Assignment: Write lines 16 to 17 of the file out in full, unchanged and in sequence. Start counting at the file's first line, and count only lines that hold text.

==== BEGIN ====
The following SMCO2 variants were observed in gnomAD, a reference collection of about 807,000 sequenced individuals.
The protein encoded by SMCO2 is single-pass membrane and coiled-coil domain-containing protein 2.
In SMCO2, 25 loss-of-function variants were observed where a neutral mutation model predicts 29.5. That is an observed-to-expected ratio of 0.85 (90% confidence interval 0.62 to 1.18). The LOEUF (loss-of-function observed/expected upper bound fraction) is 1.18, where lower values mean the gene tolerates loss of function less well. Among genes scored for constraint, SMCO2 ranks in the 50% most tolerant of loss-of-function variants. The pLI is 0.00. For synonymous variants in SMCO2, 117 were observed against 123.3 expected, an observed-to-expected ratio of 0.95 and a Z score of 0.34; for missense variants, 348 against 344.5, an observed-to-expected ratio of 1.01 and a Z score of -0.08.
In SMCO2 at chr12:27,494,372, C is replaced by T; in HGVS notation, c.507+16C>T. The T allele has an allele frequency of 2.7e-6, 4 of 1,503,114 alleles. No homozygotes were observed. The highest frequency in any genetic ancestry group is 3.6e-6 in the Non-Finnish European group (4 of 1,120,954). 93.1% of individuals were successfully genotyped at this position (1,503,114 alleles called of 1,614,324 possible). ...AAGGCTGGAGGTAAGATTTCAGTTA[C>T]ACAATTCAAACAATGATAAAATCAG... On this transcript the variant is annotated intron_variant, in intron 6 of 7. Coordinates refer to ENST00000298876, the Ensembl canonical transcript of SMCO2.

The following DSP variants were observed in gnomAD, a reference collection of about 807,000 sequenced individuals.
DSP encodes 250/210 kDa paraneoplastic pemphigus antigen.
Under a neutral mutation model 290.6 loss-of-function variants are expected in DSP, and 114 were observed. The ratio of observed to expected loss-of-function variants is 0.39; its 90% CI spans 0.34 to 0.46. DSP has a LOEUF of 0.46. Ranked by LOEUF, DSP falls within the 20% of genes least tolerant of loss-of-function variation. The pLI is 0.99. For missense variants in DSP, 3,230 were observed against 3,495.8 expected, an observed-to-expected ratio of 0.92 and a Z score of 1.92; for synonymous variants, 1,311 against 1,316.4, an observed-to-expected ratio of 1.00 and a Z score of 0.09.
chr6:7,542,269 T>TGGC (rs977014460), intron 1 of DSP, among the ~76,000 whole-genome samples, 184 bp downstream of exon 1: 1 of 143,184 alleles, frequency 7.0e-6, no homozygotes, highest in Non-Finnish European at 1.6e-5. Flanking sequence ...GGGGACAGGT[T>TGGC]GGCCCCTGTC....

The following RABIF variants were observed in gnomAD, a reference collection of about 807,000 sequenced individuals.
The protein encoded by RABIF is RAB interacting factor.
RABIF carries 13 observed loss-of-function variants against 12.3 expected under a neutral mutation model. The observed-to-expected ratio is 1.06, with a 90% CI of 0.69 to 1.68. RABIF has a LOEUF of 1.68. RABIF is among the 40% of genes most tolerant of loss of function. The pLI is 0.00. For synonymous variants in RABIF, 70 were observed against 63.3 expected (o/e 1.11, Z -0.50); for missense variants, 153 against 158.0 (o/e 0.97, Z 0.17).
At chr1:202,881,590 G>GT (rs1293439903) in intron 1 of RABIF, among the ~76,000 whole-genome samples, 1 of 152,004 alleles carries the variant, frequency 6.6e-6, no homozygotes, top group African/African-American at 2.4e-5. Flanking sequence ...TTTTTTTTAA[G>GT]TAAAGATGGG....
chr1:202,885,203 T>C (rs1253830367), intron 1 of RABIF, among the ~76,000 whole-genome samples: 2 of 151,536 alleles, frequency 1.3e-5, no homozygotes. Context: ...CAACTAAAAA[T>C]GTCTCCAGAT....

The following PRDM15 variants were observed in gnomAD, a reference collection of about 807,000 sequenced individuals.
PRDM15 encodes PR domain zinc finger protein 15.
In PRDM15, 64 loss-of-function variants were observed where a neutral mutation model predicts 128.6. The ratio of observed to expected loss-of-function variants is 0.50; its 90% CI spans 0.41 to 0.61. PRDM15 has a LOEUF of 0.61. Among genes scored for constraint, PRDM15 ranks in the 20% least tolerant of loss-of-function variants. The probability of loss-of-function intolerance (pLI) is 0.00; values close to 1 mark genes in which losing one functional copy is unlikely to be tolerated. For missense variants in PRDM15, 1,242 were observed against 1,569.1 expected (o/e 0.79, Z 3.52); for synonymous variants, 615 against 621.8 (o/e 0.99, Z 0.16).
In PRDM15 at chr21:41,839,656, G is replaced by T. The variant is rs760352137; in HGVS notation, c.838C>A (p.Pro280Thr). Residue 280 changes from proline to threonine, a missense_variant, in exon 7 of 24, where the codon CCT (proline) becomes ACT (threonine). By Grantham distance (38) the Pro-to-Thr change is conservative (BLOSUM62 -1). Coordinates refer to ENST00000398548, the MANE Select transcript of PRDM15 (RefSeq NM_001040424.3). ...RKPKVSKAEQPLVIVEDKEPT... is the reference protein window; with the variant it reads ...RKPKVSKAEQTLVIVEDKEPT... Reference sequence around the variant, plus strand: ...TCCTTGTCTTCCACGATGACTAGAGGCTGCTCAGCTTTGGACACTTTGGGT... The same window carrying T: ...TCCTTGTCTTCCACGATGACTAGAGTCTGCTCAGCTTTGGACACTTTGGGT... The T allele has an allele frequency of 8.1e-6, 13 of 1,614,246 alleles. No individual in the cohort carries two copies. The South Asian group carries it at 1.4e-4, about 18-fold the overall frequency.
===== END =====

In PRDM15, 64 loss-of-function variants were observed where a neutral mutation model predicts 128.6. The ratio of observed to expected loss-of-function variants is 0.50; its 90% CI spans 0.41 to 0.61. PRDM15 has a LOEUF of 0.61. Among genes scored for constraint, PRDM15 ranks in the 20% least tolerant of loss-of-function variants. The probability of loss-of-function intolerance (pLI) is 0.00; values close to 1 mark genes in which losing one functional copy is unlikely to be tolerated. For missense variants in PRDM15, 1,242 were observed against 1,569.1 expected (o/e 0.79, Z 3.52); for synonymous variants, 615 against 621.8 (o/e 0.99, Z 0.16).
In PRDM15 at chr21:41,839,656, G is replaced by T. The variant is rs760352137; in HGVS notation, c.838C>A (p.Pro280Thr). Residue 280 changes from proline to threonine, a missense_variant, in exon 7 of 24, where the codon CCT (proline) becomes ACT (threonine). By Grantham distance (38) the Pro-to-Thr change is conservative (BLOSUM62 -1). Coordinates refer to ENST00000398548, the MANE Select transcript of PRDM15 (RefSeq NM_001040424.3). ...RKPKVSKAEQPLVIVEDKEPT... is the reference protein window; with the variant it reads ...RKPKVSKAEQTLVIVEDKEPT... Reference sequence around the variant, plus strand: ...TCCTTGTCTTCCACGATGACTAGAGGCTGCTCAGCTTTGGACACTTTGGGT... The same window carrying T: ...TCCTTGTCTTCCACGATGACTAGAGTCTGCTCAGCTTTGGACACTTTGGGT... The T allele has an allele frequency of 8.1e-6, 13 of 1,614,246 alleles. No individual in the cohort carries two copies. The South Asian group carries it at 1.4e-4, about 18-fold the overall frequency.